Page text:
Intelligent Content conference thoughts

Sarah O'Keefe / Opinion3 Comments

Palm Springs provides a spectacular setting for the Intelligent Content conference. But despite the beautiful scenery (and outside temperature!), conference-goers were more likely to be found in the chilly, windowless meeting rooms.

I’m overwhelmed by all the great information, but I think there are a few key points that already stand out:
Morning in Palm Springs

Technical communication (techcomm) and marketing communication (marcomm) need to start talking to each other. Techcomm has information that marcomm needs and vice versa.

Digital publishing and intelligent content are going to allow for interesting new information products. Nobody quite knows what they will be, but expect something that goes beyond ebooks. (Basic ebooks are really just books rendered in a new medium. The question is what will an information product look like that really takes advantage of what we can do in a digital context.)

Some books are not really books. I saw a presentation from Erin McKean a few years back in which she talked about how a dictionary is really not a book. It’s not narrative. It’s a collection of reference items, and those items can be presented in lots of different ways, many of which are better than the “book” paradigm.

Similarly, a data sheet should not really be presented as a multipage document with lists of specifications. A data sheet is reference information and the purpose of the datasheet is just to provide the user with those specifications. What if you can present them in a better way?

Here’s a five-minute mockup that shows how you could use data sheet information to filter what is presented to the end user:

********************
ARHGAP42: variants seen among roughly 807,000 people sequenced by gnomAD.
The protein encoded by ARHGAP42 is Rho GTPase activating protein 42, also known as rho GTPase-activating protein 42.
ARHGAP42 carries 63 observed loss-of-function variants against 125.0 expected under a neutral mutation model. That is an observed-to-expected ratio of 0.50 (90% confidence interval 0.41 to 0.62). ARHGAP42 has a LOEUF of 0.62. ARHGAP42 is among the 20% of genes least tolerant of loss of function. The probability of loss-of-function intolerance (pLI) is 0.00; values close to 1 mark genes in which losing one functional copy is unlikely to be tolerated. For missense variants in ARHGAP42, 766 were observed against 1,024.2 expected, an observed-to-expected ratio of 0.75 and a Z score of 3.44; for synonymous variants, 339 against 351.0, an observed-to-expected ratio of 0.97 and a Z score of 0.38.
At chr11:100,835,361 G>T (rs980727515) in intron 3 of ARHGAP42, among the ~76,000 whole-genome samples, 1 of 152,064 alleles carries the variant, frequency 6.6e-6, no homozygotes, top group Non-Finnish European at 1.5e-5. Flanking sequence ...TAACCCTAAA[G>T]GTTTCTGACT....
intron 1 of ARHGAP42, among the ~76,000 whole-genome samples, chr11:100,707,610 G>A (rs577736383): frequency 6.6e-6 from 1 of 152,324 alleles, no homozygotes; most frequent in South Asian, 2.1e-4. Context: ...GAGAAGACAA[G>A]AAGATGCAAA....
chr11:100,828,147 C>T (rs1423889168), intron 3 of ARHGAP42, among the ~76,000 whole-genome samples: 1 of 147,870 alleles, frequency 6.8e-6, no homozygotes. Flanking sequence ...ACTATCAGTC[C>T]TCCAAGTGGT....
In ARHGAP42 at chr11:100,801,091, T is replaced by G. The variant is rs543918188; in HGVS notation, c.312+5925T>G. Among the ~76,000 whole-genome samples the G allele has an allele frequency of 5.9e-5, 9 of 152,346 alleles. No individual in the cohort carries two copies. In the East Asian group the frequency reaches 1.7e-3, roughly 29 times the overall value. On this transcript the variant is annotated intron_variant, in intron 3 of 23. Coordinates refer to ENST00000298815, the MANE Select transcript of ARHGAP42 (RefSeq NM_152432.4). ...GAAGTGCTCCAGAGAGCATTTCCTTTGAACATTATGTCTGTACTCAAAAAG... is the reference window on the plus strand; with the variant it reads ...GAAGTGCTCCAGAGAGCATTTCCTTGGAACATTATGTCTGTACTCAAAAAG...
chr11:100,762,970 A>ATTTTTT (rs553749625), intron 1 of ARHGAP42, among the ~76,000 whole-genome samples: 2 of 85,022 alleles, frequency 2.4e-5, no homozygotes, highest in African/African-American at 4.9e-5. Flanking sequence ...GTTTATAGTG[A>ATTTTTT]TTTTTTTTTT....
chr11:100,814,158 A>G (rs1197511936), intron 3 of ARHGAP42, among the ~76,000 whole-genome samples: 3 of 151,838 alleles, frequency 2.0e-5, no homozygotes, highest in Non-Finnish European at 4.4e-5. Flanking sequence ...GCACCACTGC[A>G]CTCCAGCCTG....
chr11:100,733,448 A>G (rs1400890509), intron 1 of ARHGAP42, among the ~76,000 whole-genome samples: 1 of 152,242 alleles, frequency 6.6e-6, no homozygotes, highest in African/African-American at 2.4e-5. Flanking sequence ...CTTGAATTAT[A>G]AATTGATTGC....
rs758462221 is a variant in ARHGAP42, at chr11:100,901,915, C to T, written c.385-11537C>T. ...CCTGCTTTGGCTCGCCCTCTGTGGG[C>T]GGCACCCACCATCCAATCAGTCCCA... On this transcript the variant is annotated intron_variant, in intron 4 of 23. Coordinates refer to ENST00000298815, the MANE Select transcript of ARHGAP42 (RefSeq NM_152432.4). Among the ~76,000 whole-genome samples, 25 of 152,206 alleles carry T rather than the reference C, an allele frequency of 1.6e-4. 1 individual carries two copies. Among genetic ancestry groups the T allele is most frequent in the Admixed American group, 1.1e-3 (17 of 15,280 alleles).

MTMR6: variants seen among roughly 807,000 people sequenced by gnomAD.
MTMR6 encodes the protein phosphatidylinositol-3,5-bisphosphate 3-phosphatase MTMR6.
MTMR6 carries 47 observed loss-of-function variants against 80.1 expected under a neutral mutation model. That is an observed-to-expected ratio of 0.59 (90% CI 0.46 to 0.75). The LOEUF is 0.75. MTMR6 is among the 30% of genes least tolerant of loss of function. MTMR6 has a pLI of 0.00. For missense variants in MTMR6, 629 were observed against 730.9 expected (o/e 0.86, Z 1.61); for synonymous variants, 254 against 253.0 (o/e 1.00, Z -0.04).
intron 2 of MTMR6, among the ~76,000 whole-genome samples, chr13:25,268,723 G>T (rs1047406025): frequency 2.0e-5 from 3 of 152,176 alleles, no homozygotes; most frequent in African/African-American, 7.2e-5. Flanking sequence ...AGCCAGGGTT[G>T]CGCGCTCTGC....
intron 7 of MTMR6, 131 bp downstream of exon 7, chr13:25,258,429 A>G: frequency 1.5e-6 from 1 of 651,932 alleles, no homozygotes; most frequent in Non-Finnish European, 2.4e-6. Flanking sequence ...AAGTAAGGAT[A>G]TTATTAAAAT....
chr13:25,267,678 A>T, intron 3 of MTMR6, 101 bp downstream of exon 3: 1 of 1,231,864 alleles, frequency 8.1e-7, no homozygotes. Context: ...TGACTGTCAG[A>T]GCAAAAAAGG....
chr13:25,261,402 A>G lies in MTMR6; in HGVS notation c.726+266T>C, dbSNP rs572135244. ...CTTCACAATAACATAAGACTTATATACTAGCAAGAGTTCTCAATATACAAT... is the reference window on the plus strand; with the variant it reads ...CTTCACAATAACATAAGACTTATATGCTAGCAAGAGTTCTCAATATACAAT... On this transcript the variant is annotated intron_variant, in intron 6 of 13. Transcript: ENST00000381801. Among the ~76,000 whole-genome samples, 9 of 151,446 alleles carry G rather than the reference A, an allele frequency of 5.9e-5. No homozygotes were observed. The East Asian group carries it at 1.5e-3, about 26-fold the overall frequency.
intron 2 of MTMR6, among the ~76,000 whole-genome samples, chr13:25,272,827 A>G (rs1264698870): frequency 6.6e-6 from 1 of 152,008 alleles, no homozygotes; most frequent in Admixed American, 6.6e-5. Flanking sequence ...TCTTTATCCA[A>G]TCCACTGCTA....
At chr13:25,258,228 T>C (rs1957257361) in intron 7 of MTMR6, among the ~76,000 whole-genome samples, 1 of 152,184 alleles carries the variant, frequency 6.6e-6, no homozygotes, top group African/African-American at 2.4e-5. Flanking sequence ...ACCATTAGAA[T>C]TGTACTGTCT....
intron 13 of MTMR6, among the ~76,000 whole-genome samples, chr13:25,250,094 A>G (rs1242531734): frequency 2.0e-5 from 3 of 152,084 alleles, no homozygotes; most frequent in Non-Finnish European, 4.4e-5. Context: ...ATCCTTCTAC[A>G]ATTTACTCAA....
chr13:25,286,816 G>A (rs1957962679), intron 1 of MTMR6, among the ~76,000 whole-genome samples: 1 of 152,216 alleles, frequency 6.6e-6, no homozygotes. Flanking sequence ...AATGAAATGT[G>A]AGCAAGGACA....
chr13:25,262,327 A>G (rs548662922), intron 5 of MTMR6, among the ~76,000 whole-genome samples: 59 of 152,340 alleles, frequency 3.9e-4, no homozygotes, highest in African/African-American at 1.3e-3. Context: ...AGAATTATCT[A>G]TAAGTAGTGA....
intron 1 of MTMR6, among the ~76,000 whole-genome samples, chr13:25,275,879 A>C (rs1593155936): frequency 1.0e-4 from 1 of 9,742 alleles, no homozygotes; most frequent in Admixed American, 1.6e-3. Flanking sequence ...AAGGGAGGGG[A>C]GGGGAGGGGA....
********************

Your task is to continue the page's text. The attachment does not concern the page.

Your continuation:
Mockup of product selector that could replace a data sheet. Faceted search narrows down the product list, then click to see more about that product.

I have to acknowledge the power of personal interactions once again. In-person conversations over meals or drinks and in random hallway interactions are powerful. In our daily work, we are usually busy trying to get information out the door, so big thoughts and extended conversations are rare. We need conferences to give us a space where we can step away from deadlines and gain perspective.

Many thanks to the conference organizers, Scott Abel and Ann Rockley, and their dedicated support staff. I don’t think they slept during the event.

About the Author

Sarah O'Keefe

Twitter

Content strategy consultant and founder of Scriptorium Publishing. Bilingual English-German, voracious reader, water sports, knitting, and college basketball (go Blue Devils!). Aversions to raw tomatoes, eggplant, and checked baggage.

3 Comments on “Intelligent Content conference thoughts”

  1. Thanks for sharing your thoughts. I was watching everything unfold on Twitter. It looks like it was an amazing event.

  2. Any suggestions for a person who would love to be in a bridging role between marketing and tech comm? I found my way to the marketing side years ago. Messaging, language, and “the big picture” suit me far better than the detail oriented work I found in technical communications positions. I find the strategic aspects of intelligent content compelling – urgent even. Do you know of roles firmly in the marketing world that involve talking to and planning for the technical side?

  3. Hi Barbara, I would suggest that you look for opportunities in your current organization to use the technical content on the marketing side. I don’t think that there’s any sort of standard role at this point, so you’ll have to get creative!

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